I don't know what happens to deferred dreams, but mine don't leave. I am making plans to do arts again. But it is so strange that I would still love to step into any girl on the team's little red boots and perform Hopak at Christmas Around the World just once.

Tuesday, November 25, 2008

A Case of Academically Induced Schizophrenia

Part I

So a week ago on a Monday morning I woke up to my alarm after about 8.5 hours of sleep. Should be more than enough. I got out of bed, put on my running clothes, and then promptly crawled back into bed. I woke up again nearly two hours later. Then I looked at the clock and realized that I had exactly one hour and fifteen minutes before I was supposed to be teaching a class at Westminster College. I knew I wouldn't be able to fit my entire morning routine into that amount of time. So I went for an hour run, made my lunch, and made it to class. Great morning. You see, one of the benefits of winter running is that you just don't sweat much. It's probably the first time I've taught all semester without wet hair. Sometimes skipping a shower is like a little secret that you carry around with yourself and laugh at all day long. Except that now I've told everyone.

Part II

As I was sitting in class today listening to the economics professor talk I realized a nasty trick of academia. Allow me to demonstrate:
When I say "literature" what comes to mind? Shakespeare and Dickens? Even Tolkien and Harry Potter? That is not what professors mean. "Literature" refers to that massive body of knowledge/research about a given subject (such as whether or not race and crime are related). The trick is that academic "literature" is not interesting at all. It is a series of articles and books filled with numbers, statistical analysis, and citations of the previous "literature". I have a big exam in March to test my comprehensive knowledge of this so-called literature regarding population and health. But for some reason when I look at the 21 page reading list I can't seem to find Homer or Dante anywhere!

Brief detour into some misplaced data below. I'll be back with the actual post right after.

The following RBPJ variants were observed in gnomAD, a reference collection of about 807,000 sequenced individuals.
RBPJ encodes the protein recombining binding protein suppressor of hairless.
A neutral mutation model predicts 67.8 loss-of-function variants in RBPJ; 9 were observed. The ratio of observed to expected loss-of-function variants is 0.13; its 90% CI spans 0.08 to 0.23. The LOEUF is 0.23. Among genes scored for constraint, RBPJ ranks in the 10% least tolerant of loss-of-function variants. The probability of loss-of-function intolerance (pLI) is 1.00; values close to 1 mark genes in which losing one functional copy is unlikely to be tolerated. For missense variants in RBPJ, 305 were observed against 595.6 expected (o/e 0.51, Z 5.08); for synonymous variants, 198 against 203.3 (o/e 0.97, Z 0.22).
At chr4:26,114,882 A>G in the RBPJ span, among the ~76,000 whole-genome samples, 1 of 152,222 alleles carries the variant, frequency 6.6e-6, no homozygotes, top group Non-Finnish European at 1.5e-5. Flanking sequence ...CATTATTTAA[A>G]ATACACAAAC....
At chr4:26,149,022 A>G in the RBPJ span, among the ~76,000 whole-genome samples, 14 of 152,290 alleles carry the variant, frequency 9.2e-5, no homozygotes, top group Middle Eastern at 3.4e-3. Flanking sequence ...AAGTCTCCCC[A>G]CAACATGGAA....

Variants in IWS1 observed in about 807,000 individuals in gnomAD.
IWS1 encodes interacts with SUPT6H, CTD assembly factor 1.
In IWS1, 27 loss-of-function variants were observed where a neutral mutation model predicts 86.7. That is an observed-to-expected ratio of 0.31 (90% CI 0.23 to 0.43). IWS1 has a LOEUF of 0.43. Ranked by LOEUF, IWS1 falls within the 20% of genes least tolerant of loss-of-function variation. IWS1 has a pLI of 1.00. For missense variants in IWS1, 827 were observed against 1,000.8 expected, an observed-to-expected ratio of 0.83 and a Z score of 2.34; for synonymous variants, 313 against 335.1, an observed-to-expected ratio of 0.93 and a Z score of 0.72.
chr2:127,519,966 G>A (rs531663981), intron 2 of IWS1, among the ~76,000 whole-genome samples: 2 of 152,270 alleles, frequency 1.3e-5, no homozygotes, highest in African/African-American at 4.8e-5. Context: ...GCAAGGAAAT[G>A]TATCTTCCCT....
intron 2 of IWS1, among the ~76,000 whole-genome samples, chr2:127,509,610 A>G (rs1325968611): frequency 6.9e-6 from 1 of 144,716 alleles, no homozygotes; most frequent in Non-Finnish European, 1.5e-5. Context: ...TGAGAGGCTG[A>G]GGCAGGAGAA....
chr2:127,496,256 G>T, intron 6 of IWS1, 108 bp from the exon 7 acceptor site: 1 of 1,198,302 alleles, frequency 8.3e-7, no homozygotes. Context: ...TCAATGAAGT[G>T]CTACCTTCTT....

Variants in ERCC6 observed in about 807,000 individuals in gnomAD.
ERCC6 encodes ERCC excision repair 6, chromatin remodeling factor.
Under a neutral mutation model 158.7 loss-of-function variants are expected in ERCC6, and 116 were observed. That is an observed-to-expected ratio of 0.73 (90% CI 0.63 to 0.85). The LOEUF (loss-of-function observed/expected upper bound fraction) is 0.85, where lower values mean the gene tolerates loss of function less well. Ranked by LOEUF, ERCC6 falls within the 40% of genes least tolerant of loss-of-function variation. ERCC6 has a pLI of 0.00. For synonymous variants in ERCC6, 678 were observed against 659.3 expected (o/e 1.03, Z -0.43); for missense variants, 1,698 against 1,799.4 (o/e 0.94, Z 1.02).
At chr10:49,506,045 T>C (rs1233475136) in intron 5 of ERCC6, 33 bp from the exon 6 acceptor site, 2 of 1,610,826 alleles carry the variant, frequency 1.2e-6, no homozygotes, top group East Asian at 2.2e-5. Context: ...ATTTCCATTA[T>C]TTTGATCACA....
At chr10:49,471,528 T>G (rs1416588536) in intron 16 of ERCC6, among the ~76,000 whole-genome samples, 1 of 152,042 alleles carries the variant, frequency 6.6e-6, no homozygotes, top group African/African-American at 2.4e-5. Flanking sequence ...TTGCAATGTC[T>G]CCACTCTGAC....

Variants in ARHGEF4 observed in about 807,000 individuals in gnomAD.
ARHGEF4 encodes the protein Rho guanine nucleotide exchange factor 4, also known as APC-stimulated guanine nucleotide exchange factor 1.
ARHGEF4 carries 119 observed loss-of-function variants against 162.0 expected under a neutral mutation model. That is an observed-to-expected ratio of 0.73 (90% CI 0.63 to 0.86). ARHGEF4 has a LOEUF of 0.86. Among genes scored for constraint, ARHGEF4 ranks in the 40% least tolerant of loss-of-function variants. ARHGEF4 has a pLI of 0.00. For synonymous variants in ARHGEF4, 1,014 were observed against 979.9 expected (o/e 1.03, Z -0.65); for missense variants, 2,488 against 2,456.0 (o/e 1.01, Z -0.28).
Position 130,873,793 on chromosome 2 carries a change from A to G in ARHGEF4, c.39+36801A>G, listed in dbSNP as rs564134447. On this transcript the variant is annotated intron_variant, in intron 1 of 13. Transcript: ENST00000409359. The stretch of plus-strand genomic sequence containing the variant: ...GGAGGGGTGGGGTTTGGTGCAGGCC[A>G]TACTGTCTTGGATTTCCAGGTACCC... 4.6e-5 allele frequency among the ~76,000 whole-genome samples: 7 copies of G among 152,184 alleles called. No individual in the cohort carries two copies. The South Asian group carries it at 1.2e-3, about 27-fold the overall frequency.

Monday, November 17, 2008

The products of a wasted hour online...

I've never blogged before. In fact, I've made fun of it. Same this with text messaging. Except that lately I've found myself reading what my friends and family write. I see an insight into a moment of their day that I wouldn't have caught given the space and time differences between us. And sometimes they are witty or profound. I don't claim to be either, but since I've wasted enough precious homework time reading other people's blogs I have concluded "if you can't beat 'em, join 'em."

Do I have anything to say? In the past hour since class got out I have written e-mails from all three of my e-mail accounts (one for me, one for the U, and one for Westminster). I could spend my life checking those three accounts. I've priced plane tickets to several major US cities, just in case I decide I can't stay in Utah for Thanksgiving after all. I've looked at recipes. Wrote a few notes on an environmental justice paper. And last, but not least, signed up for my very own blog. At least I got something done. The internet is amazing! Next time you're bored google the phrase "What should I do with my life?" It is like one of those magic 8 balls, the answer is unique and useless every single time. I love it. And now ladies and gentleman, my books are calling to me so you'll have to excuse me.